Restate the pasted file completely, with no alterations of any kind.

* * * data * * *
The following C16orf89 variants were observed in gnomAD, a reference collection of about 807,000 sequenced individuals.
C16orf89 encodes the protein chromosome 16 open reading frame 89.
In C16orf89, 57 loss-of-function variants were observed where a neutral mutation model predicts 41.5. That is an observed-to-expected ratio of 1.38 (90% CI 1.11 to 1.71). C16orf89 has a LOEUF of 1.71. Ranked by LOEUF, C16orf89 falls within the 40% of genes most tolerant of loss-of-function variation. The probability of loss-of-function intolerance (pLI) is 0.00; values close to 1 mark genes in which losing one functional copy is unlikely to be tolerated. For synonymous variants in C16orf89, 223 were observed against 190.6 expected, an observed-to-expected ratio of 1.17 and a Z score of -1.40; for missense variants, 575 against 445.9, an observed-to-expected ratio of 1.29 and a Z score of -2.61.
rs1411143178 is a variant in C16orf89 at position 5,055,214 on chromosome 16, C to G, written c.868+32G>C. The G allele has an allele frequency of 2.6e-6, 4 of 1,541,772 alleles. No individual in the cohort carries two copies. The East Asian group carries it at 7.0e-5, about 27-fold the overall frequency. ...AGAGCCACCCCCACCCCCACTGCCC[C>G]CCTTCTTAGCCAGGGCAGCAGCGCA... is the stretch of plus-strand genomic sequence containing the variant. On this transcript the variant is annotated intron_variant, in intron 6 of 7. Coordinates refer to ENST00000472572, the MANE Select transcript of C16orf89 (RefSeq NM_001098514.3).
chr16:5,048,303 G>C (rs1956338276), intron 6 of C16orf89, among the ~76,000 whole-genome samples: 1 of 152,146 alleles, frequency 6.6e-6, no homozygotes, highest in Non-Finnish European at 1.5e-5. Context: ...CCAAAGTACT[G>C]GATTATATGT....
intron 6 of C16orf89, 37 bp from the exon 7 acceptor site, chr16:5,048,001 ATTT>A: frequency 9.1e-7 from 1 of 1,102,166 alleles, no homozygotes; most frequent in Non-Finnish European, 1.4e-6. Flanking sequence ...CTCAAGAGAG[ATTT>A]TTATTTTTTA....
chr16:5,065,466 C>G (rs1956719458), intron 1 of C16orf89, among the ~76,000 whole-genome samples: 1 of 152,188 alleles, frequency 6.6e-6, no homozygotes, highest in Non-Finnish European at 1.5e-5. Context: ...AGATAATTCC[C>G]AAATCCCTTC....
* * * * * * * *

The following C16orf89 variants were observed in gnomAD, a reference collection of about 807,000 sequenced individuals.
C16orf89 encodes the protein chromosome 16 open reading frame 89.
In C16orf89, 57 loss-of-function variants were observed where a neutral mutation model predicts 41.5. That is an observed-to-expected ratio of 1.38 (90% CI 1.11 to 1.71). C16orf89 has a LOEUF of 1.71. Ranked by LOEUF, C16orf89 falls within the 40% of genes most tolerant of loss-of-function variation. The probability of loss-of-function intolerance (pLI) is 0.00; values close to 1 mark genes in which losing one functional copy is unlikely to be tolerated. For synonymous variants in C16orf89, 223 were observed against 190.6 expected, an observed-to-expected ratio of 1.17 and a Z score of -1.40; for missense variants, 575 against 445.9, an observed-to-expected ratio of 1.29 and a Z score of -2.61.
rs1411143178 is a variant in C16orf89 at position 5,055,214 on chromosome 16, C to G, written c.868+32G>C. The G allele has an allele frequency of 2.6e-6, 4 of 1,541,772 alleles. No individual in the cohort carries two copies. The East Asian group carries it at 7.0e-5, about 27-fold the overall frequency. ...AGAGCCACCCCCACCCCCACTGCCC[C>G]CCTTCTTAGCCAGGGCAGCAGCGCA... is the stretch of plus-strand genomic sequence containing the variant. On this transcript the variant is annotated intron_variant, in intron 6 of 7. Coordinates refer to ENST00000472572, the MANE Select transcript of C16orf89 (RefSeq NM_001098514.3).
chr16:5,048,303 G>C (rs1956338276), intron 6 of C16orf89, among the ~76,000 whole-genome samples: 1 of 152,146 alleles, frequency 6.6e-6, no homozygotes, highest in Non-Finnish European at 1.5e-5. Context: ...CCAAAGTACT[G>C]GATTATATGT....
intron 6 of C16orf89, 37 bp from the exon 7 acceptor site, chr16:5,048,001 ATTT>A: frequency 9.1e-7 from 1 of 1,102,166 alleles, no homozygotes; most frequent in Non-Finnish European, 1.4e-6. Flanking sequence ...CTCAAGAGAG[ATTT>A]TTATTTTTTA....
chr16:5,065,466 C>G (rs1956719458), intron 1 of C16orf89, among the ~76,000 whole-genome samples: 1 of 152,188 alleles, frequency 6.6e-6, no homozygotes, highest in Non-Finnish European at 1.5e-5. Context: ...AGATAATTCC[C>G]AAATCCCTTC....